A few months ago, middle-school teacher Finn Lanning and 13-year-old student Damien knew each other only as teacher and student. This relationship was all normal, up until Damien approached his teacher one day and said that he wouldn’t be coming back to school.
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Chris Gruhlke is a published author with a broad writing background covering a variety of topics, including politics, education, public safety, and technology. In 2018, he joined Edmentum as a Bid Operations Writer, where he helps to bring Edmentum’s transformational solutions to school districts across the United States.
All Posts by Chris Gruhlke
Every school in America is filled with students facing unique challenges. For Ryan King, a fourth grader in Louisville, that challenge is spina bifida, a rare spinal condition that keeps her bound to a wheelchair for mobility. And like any other 10-year-old, she hates to miss out on an adventure. When her school arranged a hiking field trip at a state park to look at fossil beds, she was very upset. But teacher Jim Freeman wasn’t about to let her be left out and made her an extraordinary offer.
One of the most difficult things for capable, experienced professionals to do is ask for help. It’s uncomfortable, embarrassing, and often feels like an admission of failure. But it isn’t; it’s an important skill, and mastering it is critical for students and teachers alike. Heidi Grant, a social psychologist who writes and speaks on the science of motivation, can offer us some pointers.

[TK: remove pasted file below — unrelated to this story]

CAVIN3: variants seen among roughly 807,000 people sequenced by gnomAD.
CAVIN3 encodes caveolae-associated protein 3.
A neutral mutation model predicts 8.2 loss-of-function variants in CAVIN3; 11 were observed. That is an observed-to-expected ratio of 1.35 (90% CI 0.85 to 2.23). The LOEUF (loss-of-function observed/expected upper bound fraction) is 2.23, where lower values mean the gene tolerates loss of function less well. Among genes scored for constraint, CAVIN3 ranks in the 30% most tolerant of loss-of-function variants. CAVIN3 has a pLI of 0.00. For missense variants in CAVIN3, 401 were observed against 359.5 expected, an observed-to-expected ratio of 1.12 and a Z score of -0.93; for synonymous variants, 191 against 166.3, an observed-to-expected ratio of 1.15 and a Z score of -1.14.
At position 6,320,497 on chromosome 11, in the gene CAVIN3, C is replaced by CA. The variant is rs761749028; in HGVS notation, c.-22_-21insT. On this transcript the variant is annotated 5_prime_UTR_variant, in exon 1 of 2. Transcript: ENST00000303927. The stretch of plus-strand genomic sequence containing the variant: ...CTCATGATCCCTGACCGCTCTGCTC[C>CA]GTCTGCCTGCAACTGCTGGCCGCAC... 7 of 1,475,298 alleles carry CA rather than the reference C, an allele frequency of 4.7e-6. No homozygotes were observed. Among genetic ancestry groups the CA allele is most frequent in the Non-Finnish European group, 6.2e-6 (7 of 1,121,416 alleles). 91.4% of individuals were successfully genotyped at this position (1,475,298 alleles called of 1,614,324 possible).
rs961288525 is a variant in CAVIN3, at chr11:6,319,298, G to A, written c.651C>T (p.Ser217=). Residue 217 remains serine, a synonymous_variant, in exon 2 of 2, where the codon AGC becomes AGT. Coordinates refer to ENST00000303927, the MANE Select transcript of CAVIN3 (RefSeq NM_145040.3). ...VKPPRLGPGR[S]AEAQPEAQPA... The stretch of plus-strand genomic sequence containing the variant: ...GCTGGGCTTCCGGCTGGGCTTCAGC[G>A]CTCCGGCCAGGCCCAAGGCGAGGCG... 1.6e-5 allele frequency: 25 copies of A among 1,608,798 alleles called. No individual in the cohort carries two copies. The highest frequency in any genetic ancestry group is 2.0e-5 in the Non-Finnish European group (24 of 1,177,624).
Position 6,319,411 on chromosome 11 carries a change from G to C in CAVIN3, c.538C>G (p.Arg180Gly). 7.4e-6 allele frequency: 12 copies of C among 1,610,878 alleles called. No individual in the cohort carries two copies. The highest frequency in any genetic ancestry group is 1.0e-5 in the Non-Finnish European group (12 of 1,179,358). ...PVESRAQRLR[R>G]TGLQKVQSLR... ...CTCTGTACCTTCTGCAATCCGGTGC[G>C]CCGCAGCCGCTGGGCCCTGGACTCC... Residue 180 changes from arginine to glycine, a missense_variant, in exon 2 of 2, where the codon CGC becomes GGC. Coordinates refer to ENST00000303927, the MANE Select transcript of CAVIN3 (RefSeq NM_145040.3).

According to the World Bank, girls’ education is one of the most important investments a country can make. It helps positively impact nine Sustainable Development Goals, like health, nutrition, employment, and even the environment. Safeena Husain, founder and Executive Director of Educate Girls, agrees.
Recently, Tennessee third grader Daniel Hunt lost all of his favorite things in a house fire. Knowing that this was something that none of them would want to go through alone, Daniel’s classmates at Philadelphia Elementary School stepped in to help.
As Bus 90-36 was about to be decommissioned after 25 years of service, Anthony Gary, the district’s Transportation Shop Foreman, proposed a new idea: a dropout recovery program that uses old busses like 90-36 to teach students new skills.